Scientists have successfully 3D printed a Lithium-ion battery about the size of a grain of sand. This is truly amazing, with this kind of technology we can make batteries with many times the capacity of current day batteries, on the same size, or even smaller. It also has the potential to revolutionize nanotechnology.
Usually with devices on this scale the batteries are several times larger than the device itself. It is the perfect companion for all the nano devices being developed these days.
This type of microbattery will be incredibly useful for example in the field of medicine.
The scientists realized they could pack more energy if they could create stacks of tightly interlaced, ultrathin electrodes, the electrodes are smaller than the width of a human hair.
“Not only did we demonstrate for the first time that we can 3-D-print a battery, we demonstrated it in the most rigorous way,”┬ásaid Jennifer Lewis, Ph.D., senior author of the study.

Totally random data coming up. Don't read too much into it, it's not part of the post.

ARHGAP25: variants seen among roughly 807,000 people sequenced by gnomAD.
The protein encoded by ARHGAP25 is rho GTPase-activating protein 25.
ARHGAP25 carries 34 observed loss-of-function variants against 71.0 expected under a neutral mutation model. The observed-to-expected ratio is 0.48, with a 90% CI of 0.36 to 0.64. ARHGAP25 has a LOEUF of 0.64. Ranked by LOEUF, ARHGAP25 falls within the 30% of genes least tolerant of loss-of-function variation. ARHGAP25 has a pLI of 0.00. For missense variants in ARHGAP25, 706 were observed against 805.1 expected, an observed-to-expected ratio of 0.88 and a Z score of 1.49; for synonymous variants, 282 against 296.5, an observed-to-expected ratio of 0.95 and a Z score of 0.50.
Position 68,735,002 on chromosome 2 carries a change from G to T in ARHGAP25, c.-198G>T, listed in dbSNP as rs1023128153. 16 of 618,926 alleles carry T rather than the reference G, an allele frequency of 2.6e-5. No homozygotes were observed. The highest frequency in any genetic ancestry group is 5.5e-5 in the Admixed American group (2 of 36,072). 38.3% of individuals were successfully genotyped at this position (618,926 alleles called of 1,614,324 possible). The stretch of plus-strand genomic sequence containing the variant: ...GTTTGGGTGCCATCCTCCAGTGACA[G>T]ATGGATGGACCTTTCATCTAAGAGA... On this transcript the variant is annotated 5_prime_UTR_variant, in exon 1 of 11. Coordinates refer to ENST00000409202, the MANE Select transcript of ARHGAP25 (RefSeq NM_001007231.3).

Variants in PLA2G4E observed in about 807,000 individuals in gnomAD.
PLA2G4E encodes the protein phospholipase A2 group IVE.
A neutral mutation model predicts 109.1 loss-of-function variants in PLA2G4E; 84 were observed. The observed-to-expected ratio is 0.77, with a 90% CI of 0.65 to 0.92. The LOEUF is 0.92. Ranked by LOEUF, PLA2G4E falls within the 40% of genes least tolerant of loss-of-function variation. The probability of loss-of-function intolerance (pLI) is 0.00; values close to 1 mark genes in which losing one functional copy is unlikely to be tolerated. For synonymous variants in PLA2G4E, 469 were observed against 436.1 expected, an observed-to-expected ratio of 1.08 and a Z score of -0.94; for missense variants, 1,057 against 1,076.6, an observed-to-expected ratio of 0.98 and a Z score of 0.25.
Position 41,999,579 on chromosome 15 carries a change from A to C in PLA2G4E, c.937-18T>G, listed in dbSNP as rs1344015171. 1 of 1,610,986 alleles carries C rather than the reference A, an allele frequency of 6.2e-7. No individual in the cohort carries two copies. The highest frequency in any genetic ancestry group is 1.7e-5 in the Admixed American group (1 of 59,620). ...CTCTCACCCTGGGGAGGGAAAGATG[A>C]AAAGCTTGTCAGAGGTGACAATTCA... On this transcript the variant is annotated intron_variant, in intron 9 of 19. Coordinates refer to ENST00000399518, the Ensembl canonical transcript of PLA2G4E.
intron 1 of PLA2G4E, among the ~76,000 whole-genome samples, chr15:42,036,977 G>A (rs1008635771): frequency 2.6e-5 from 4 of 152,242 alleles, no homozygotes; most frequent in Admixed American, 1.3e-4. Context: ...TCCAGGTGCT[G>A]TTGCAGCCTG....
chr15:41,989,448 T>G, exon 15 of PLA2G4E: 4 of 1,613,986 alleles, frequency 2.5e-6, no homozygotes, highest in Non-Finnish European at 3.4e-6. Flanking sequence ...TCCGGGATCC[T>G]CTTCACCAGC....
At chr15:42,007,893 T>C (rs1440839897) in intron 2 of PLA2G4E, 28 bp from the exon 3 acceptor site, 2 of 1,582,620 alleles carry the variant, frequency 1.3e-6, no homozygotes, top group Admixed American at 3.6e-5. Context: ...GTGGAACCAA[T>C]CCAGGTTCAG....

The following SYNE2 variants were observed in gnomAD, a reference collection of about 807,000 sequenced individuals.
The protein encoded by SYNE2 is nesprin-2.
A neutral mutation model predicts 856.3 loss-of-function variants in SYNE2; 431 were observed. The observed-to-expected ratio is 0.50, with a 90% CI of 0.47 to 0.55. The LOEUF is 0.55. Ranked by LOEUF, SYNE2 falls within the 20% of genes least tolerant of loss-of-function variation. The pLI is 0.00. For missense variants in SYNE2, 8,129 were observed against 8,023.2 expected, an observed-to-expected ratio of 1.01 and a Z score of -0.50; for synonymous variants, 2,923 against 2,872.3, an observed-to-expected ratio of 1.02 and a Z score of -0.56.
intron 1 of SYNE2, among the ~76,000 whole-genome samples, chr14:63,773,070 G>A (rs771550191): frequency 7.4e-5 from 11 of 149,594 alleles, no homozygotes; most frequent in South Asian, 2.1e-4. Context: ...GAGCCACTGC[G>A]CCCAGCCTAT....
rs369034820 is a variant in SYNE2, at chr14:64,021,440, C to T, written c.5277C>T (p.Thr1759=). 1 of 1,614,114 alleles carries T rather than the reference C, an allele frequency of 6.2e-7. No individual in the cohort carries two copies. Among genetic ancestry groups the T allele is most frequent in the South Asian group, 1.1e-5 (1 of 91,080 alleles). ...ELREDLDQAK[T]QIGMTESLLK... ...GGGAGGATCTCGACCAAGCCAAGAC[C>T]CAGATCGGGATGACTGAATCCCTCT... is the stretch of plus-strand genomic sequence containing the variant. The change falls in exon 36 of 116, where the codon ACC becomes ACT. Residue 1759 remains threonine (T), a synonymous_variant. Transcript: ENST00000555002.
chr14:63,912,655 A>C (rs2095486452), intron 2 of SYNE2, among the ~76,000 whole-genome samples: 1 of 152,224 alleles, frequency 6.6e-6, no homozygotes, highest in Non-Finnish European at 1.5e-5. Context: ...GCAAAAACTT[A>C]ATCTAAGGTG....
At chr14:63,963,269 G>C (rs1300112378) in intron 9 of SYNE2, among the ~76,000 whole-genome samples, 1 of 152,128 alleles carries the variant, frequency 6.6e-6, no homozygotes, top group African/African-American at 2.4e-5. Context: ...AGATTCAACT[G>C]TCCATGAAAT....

Next, they measured how much energy could be packed into the tiny batteries, how much power they could deliver, and how long they held a charge. “The electrochemical performance is comparable to commercial batteries in terms of charge and discharge rate, cycle life and energy densities. We’re just able to achieve this on a much smaller scale,” Dillon said.
“Jennifer’s innovative microbattery ink designs dramatically expand the practical uses of 3-D printing, and simultaneously open up entirely new possibilities for miniaturization of all types of devices, both medical and non-medical. It’s tremendously exciting,” said Wyss Founding Director Donald Ingber, M.D., Ph.D.